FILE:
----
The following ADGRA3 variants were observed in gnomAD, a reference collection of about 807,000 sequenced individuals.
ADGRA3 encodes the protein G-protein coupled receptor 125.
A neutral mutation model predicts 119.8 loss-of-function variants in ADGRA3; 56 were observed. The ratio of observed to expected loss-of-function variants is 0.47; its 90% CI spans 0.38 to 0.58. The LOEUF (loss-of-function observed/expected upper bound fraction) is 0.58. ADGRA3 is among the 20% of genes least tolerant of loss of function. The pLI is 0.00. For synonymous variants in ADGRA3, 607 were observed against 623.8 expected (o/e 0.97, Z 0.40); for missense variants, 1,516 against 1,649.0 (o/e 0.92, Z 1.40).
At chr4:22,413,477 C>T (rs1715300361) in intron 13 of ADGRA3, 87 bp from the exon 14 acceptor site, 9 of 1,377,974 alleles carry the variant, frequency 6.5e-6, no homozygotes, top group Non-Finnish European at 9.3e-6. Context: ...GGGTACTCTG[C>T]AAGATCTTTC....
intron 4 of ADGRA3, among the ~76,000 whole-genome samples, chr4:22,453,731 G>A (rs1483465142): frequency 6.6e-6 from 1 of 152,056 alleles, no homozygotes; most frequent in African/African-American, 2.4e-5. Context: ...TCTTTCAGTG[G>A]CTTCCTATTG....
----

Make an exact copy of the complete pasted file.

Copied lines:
The following ADGRA3 variants were observed in gnomAD, a reference collection of about 807,000 sequenced individuals.
ADGRA3 encodes the protein G-protein coupled receptor 125.
A neutral mutation model predicts 119.8 loss-of-function variants in ADGRA3; 56 were observed. The ratio of observed to expected loss-of-function variants is 0.47; its 90% CI spans 0.38 to 0.58. The LOEUF (loss-of-function observed/expected upper bound fraction) is 0.58. ADGRA3 is among the 20% of genes least tolerant of loss of function. The pLI is 0.00. For synonymous variants in ADGRA3, 607 were observed against 623.8 expected (o/e 0.97, Z 0.40); for missense variants, 1,516 against 1,649.0 (o/e 0.92, Z 1.40).
At chr4:22,413,477 C>T (rs1715300361) in intron 13 of ADGRA3, 87 bp from the exon 14 acceptor site, 9 of 1,377,974 alleles carry the variant, frequency 6.5e-6, no homozygotes, top group Non-Finnish European at 9.3e-6. Context: ...GGGTACTCTG[C>T]AAGATCTTTC....
intron 4 of ADGRA3, among the ~76,000 whole-genome samples, chr4:22,453,731 G>A (rs1483465142): frequency 6.6e-6 from 1 of 152,056 alleles, no homozygotes; most frequent in African/African-American, 2.4e-5. Context: ...TCTTTCAGTG[G>A]CTTCCTATTG....